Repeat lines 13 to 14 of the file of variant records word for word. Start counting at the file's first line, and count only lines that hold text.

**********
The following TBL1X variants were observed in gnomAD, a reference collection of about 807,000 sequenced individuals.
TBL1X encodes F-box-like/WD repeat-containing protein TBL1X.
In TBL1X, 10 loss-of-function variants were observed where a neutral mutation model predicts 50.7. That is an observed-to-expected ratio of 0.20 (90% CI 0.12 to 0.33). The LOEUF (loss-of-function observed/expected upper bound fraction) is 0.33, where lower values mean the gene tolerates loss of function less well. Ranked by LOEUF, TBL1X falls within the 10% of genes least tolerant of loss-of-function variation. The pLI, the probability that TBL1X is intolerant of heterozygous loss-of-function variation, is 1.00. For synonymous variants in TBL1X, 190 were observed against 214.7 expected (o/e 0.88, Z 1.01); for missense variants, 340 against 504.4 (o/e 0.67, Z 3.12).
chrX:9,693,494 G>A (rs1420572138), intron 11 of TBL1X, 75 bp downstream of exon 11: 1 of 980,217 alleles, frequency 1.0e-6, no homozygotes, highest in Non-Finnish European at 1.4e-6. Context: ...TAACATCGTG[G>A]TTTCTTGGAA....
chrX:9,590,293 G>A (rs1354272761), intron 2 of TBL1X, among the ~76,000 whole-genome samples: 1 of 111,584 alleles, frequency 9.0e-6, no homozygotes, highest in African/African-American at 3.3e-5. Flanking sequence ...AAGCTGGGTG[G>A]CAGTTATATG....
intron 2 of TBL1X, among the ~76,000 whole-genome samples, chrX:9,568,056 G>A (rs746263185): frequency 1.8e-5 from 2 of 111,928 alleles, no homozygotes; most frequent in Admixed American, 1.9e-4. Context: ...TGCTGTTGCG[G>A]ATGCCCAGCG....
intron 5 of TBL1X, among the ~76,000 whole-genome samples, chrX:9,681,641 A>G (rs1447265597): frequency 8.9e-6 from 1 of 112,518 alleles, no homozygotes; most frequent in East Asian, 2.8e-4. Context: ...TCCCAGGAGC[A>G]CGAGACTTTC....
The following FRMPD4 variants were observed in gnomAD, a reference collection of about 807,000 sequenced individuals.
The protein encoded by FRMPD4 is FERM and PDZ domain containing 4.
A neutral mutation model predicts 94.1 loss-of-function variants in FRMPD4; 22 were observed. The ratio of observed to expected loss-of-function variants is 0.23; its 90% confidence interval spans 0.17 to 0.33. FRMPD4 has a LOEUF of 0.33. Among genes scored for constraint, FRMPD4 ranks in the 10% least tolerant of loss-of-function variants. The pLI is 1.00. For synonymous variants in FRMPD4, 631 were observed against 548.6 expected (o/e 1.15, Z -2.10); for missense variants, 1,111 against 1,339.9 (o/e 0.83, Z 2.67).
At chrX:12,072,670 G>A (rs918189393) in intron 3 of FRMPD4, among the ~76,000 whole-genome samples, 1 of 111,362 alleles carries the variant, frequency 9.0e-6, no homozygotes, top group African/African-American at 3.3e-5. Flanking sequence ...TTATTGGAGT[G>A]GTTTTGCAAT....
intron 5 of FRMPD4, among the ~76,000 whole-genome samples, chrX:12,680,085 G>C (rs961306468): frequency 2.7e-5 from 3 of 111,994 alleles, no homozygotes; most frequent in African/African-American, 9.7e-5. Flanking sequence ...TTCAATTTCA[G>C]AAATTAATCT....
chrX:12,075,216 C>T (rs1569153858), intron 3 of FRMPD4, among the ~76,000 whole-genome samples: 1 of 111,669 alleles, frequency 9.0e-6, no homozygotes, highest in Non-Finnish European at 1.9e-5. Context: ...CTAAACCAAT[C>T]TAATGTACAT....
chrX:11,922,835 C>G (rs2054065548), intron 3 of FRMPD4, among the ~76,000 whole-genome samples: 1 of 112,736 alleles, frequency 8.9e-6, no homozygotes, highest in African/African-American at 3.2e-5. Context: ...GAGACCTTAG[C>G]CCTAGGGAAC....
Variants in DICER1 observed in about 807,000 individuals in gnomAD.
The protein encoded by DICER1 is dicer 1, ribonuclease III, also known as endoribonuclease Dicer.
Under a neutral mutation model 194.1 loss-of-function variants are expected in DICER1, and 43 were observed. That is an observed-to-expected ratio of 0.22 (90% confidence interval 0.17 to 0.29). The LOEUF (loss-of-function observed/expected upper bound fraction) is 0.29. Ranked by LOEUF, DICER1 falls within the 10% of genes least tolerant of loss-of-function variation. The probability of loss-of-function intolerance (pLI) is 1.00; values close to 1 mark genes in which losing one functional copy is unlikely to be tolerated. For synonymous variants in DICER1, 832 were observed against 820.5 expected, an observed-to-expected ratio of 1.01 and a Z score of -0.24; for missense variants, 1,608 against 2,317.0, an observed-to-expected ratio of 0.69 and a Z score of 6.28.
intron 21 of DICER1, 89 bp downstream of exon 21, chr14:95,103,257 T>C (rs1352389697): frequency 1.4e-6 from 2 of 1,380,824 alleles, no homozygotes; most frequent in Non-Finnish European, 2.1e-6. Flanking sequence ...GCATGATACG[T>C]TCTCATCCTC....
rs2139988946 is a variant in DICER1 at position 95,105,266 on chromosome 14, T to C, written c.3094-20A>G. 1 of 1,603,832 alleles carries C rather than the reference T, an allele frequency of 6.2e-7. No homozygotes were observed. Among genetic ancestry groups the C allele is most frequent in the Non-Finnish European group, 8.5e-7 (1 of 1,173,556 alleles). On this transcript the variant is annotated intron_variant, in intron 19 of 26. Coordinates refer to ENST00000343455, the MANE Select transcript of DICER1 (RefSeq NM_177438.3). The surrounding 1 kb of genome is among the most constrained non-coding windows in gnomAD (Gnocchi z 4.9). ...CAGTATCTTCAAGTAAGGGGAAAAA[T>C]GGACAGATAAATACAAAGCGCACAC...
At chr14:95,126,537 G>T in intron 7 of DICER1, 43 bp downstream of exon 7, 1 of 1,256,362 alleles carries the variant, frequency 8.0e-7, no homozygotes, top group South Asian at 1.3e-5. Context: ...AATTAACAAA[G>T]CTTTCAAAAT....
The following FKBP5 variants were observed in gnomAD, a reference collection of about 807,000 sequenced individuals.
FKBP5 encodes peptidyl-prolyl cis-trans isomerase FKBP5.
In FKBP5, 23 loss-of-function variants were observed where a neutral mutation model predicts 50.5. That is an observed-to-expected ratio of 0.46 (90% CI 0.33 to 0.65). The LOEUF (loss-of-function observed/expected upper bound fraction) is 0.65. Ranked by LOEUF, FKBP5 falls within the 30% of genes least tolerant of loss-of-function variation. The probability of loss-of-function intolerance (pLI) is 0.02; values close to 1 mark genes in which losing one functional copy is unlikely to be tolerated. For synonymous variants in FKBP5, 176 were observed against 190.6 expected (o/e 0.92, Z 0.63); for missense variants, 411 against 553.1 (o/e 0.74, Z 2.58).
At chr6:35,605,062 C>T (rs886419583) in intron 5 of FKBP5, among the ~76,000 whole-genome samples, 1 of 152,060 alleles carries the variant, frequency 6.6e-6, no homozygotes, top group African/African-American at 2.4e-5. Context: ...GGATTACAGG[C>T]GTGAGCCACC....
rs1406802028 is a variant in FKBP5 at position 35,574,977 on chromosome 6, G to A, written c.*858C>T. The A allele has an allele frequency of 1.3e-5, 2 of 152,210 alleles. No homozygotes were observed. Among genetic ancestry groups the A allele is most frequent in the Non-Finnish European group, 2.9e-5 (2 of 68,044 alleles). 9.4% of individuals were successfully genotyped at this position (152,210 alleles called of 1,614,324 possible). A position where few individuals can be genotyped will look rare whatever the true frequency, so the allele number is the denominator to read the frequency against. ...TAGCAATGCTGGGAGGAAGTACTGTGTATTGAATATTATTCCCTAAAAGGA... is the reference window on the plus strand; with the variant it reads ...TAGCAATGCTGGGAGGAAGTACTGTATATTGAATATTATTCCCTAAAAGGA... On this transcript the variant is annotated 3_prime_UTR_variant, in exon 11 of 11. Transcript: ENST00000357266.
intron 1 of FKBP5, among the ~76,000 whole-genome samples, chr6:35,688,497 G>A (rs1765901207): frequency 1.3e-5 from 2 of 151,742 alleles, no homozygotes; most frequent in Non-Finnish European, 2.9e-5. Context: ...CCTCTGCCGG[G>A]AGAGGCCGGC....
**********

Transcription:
chrX:12,075,216 C>T (rs1569153858), intron 3 of FRMPD4, among the ~76,000 whole-genome samples: 1 of 111,669 alleles, frequency 9.0e-6, no homozygotes, highest in Non-Finnish European at 1.9e-5. Context: ...CTAAACCAAT[C>T]TAATGTACAT....
chrX:11,922,835 C>G (rs2054065548), intron 3 of FRMPD4, among the ~76,000 whole-genome samples: 1 of 112,736 alleles, frequency 8.9e-6, no homozygotes, highest in African/African-American at 3.2e-5. Context: ...GAGACCTTAG[C>G]CCTAGGGAAC....